New York University's independent student newspaper, established in 1973.

Washington Square News

New York University's independent student newspaper, established in 1973.

Washington Square News

New York University's independent student newspaper, established in 1973.

Washington Square News

Beyond NYU: From books to ballads

Ambrose Getz was unsure where she would end up when she first arrived at NYU. Now, she is releasing music and performing it across New York City.
(Courtesy of Noel Woodford)

CAS alum Caroline Getz, who goes by the stage name Ambrose Getz, came to NYU with a love for music, ready to take full advantage of New York City’s spirited and vibrant entertainment scene. After graduating in 2014, she’s following her dreams as a Brooklyn-based artist with a recently released debut album, “Great House of Embers.”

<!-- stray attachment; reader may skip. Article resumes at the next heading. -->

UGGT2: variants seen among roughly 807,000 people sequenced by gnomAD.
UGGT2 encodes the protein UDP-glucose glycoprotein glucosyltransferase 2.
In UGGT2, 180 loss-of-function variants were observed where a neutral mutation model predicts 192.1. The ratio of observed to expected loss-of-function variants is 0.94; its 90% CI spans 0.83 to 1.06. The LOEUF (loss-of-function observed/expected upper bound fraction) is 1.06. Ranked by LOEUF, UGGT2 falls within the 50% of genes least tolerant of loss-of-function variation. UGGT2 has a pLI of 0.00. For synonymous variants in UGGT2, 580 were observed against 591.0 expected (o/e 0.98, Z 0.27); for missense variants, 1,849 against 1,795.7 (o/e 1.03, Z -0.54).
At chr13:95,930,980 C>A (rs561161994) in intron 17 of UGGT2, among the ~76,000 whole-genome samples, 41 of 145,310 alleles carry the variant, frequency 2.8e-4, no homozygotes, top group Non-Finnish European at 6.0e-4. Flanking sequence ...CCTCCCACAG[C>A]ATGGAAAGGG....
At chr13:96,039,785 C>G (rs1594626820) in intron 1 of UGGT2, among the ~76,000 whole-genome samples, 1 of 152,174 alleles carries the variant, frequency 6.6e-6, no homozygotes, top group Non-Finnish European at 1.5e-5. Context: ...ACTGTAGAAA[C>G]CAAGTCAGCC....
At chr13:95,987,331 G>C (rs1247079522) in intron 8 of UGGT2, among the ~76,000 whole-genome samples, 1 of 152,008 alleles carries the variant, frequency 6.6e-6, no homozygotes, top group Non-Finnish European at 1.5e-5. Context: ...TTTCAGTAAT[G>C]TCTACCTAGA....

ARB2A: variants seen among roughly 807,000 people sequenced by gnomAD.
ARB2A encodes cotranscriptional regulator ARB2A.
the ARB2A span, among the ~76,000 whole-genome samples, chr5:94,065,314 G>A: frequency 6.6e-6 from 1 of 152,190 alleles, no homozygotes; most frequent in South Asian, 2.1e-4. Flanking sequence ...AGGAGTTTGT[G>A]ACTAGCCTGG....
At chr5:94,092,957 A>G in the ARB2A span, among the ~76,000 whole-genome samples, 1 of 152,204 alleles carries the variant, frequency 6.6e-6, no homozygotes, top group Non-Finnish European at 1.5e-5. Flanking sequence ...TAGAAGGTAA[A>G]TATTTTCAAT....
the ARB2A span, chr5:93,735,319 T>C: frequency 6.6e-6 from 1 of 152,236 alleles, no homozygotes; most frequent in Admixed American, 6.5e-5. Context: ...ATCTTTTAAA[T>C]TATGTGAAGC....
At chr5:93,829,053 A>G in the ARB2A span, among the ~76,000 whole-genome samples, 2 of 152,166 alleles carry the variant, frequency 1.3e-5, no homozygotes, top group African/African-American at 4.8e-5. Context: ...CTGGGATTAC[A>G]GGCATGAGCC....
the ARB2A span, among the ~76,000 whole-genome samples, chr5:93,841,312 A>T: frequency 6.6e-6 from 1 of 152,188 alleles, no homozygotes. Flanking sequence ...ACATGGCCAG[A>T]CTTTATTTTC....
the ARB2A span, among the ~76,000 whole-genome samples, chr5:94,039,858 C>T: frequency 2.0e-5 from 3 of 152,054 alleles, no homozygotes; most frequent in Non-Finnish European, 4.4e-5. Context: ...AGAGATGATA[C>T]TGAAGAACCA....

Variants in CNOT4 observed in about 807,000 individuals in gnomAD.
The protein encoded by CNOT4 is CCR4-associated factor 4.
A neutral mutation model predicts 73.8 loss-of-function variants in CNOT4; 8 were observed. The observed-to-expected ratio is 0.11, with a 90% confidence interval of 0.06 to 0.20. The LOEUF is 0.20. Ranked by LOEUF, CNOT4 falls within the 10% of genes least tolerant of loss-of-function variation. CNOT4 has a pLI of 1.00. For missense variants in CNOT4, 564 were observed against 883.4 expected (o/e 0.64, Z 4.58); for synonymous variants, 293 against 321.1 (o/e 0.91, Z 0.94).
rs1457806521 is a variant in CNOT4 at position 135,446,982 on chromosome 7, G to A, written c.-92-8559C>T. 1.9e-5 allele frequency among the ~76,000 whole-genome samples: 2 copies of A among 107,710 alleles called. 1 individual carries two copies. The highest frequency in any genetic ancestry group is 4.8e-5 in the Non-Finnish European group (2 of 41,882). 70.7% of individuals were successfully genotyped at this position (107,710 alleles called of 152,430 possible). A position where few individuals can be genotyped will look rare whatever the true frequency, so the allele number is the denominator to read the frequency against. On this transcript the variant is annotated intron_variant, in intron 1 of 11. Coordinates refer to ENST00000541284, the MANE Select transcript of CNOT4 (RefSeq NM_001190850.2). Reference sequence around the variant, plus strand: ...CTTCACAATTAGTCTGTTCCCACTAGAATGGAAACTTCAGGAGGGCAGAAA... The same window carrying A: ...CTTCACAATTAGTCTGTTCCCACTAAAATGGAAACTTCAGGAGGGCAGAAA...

When she’s not performing on stage, she teaches private lessons and master classes in singing and songwriting, which she has done for the past seven years. Getz, who is now working on her second album, said that she “naturally gravitated to” teaching and hopes to “help the next generation step into art and creation to express themselves.” 

In an interview with WSN, Getz spoke about how she became involved with music at NYU, the process that went into releasing her first album and her career goals. 

This interview has been edited for length and clarity.

WSN: How did you become involved in the music industry while at NYU?